MF: For most organizations, it is about engagement, professional and consistent communication, and a strong passion for the mission and work of the organization. The ideal board member is an ambassador in the community representing the organization with passion and care, and accountability against an agreed upon board role and objectives in areas such as fundraising and of course governance.  The organization’s board chair and other leadership are responsible for onboarding and orienting new board members, and providing the tools and regular information required to succeed in the role.  Staff can often get involved as well to engage board members and support them after they open doors to new opportunities and resources.  The board member’s role is to follow through on their commitments which usually includes a personally sacrificial gift, fundraising additional contributions to the organization, generally leveraging their network to benefit the organization and add new resources, and then all of the governance duties mentioned throughout our conversation and including sitting on one or more committees and attending board meetings to vote on key decisions and perform governance work between meetings.


    JF: So with this ideal picture in mind– say the Chairman of a nonprofit board approaches me to join their board what should I think about and also ask them before I make that decision?

    MF: Here is my list of top things consider:

    1. Determine which causes are meaningful to you and be ready to provide proof of your passion when you’re interviewed for a board position.Can you sincerely show that you have a passionate interest in a certain nonprofit’s mission and care genuinely about the challenges and pressing issues on its agenda?  If so, you’re on the right track. As you will be interviewed and vetted by the Board, it is essential you prepare for what is essentially a job interview. Your passion and commitment for the organization and cause is what will set you apart from other candidates.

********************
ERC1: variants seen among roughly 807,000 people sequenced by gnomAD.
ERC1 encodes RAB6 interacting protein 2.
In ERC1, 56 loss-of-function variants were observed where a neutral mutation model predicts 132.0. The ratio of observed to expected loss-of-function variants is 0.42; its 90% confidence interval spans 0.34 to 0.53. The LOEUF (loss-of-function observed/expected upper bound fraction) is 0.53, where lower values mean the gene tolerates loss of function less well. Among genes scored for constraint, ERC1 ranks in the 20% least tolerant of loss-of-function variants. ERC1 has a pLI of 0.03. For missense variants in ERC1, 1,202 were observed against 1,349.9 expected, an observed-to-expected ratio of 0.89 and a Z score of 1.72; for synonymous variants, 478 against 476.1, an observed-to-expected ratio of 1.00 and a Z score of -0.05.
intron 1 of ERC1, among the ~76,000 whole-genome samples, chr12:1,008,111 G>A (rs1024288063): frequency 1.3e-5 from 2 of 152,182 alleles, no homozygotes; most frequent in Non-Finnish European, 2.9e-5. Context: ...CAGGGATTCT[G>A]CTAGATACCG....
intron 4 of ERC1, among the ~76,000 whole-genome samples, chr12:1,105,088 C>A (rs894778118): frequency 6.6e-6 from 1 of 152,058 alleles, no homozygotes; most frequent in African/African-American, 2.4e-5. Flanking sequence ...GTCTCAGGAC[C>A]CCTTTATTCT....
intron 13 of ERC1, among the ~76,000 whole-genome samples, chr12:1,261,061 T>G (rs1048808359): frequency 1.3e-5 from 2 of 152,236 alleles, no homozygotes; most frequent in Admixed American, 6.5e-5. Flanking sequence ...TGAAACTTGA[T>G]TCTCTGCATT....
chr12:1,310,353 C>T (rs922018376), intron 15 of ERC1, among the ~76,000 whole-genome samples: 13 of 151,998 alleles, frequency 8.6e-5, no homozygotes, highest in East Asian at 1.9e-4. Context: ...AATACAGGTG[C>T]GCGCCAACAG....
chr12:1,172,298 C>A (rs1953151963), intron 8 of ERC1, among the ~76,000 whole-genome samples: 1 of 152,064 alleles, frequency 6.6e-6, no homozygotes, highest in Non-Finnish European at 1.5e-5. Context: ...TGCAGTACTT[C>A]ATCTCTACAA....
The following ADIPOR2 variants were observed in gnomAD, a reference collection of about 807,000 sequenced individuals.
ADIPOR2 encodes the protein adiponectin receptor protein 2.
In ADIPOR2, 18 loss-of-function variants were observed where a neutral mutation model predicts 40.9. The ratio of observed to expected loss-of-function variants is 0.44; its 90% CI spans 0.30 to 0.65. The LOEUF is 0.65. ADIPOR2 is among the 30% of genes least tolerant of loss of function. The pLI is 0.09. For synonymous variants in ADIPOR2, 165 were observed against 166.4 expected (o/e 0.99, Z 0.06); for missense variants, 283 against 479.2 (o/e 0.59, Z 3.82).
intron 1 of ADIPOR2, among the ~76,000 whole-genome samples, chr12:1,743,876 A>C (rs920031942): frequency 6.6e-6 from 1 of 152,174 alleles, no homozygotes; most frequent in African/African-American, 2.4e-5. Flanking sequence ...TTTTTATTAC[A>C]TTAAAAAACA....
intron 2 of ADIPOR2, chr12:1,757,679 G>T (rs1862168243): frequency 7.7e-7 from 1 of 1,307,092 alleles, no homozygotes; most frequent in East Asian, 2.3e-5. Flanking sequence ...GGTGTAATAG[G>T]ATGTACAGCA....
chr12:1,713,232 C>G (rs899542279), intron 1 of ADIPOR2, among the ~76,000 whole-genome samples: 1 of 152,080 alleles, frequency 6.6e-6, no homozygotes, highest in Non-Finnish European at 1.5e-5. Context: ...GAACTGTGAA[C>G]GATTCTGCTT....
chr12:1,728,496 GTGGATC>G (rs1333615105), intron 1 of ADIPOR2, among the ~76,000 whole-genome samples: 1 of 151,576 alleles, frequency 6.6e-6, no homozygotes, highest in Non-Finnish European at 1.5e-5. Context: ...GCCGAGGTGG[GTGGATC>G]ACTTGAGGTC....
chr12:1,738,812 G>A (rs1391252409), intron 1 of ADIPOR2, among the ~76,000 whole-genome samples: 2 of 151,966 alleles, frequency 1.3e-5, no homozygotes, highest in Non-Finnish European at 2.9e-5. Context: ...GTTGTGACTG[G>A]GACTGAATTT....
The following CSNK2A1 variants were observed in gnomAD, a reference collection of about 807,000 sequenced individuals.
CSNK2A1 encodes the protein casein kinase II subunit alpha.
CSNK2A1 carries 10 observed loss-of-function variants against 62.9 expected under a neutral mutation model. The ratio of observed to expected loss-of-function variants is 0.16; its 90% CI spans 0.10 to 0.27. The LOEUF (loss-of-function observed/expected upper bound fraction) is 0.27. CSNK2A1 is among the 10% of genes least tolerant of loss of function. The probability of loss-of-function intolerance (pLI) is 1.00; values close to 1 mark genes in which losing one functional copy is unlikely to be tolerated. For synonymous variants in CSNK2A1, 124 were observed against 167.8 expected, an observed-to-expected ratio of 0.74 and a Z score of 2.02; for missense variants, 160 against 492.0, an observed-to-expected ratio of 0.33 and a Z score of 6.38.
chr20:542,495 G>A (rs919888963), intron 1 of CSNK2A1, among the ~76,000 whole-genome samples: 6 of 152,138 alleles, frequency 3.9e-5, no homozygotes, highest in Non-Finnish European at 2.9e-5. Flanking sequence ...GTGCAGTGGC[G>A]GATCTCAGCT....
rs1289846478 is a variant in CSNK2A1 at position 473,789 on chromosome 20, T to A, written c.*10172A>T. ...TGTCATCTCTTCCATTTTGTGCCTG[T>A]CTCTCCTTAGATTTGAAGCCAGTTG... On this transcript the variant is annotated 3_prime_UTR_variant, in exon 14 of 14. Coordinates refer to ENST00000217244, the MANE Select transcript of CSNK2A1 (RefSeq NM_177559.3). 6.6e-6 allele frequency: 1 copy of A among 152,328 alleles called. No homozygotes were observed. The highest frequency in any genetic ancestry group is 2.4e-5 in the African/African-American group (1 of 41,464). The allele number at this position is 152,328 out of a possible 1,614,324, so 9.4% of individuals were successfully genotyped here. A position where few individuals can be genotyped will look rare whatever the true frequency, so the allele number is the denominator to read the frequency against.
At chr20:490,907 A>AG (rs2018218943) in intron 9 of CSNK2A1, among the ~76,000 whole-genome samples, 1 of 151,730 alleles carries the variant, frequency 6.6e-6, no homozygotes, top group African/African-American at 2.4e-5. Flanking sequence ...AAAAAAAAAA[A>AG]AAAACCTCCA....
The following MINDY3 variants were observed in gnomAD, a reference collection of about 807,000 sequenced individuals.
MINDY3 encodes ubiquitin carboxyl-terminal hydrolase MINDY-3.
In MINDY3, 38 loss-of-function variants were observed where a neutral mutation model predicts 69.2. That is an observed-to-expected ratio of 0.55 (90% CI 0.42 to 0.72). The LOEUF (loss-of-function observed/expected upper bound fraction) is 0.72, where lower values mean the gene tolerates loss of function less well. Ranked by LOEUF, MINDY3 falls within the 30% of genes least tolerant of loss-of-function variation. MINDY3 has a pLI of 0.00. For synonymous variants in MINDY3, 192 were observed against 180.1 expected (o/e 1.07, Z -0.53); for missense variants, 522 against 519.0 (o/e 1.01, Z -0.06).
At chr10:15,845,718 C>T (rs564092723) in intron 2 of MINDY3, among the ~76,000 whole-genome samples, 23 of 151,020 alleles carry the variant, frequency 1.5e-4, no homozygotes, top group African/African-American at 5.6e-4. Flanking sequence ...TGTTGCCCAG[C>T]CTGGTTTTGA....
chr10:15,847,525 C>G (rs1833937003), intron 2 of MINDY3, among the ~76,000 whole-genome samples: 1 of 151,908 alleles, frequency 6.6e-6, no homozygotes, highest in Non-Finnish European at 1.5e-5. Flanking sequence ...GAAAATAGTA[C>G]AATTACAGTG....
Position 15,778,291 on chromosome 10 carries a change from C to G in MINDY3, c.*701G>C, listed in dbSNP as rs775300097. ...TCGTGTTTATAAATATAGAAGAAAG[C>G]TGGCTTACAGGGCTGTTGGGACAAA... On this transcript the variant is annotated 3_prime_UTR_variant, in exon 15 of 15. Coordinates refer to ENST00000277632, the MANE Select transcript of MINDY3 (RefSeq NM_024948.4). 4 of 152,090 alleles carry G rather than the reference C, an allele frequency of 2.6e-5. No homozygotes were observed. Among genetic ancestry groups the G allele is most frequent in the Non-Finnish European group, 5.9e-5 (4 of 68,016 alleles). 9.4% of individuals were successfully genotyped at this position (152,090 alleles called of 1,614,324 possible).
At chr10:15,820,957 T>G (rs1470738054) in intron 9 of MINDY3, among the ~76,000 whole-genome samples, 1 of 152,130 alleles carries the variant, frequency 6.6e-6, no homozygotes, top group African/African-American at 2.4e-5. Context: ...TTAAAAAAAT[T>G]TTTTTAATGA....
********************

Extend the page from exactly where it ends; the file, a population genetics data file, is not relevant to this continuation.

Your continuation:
2. Zero in on what you have to offer. Boards are often looking for people who can help them in specific areas, like fundraising, PR and marketing, event planning and finance. If you have any of those skills, play them up. Moreover, your time, energy, intelligence and financial resources — or connections — are worth something as well.
    3. Think strategically about what being on the nonprofit’s Board can do for you. Use the Board to build your knowledge of a particular mission area and a specific skill set, but also as a platform to show your expertise and competence to influential people in the nonprofit and for-profit world. If you plan to leverage your position to land a job in the nonprofit sector, enhance your current career or start an entrepreneurial venture with social purpose, consider the connections you can make through the board you are aiming to join.  One way to do this is to ask the board’s leadership to tell you about its other members and research them on the organization’s website, through LinkedIn, etc.. Most people who sit on nonprofit boards are also sitting on others or have sat on others in the past. Consequently, they have governance experience to share and know people in other organizations.  Further, most board members are engaged in robust for profit careers and enjoy building mutually beneficial business relationships.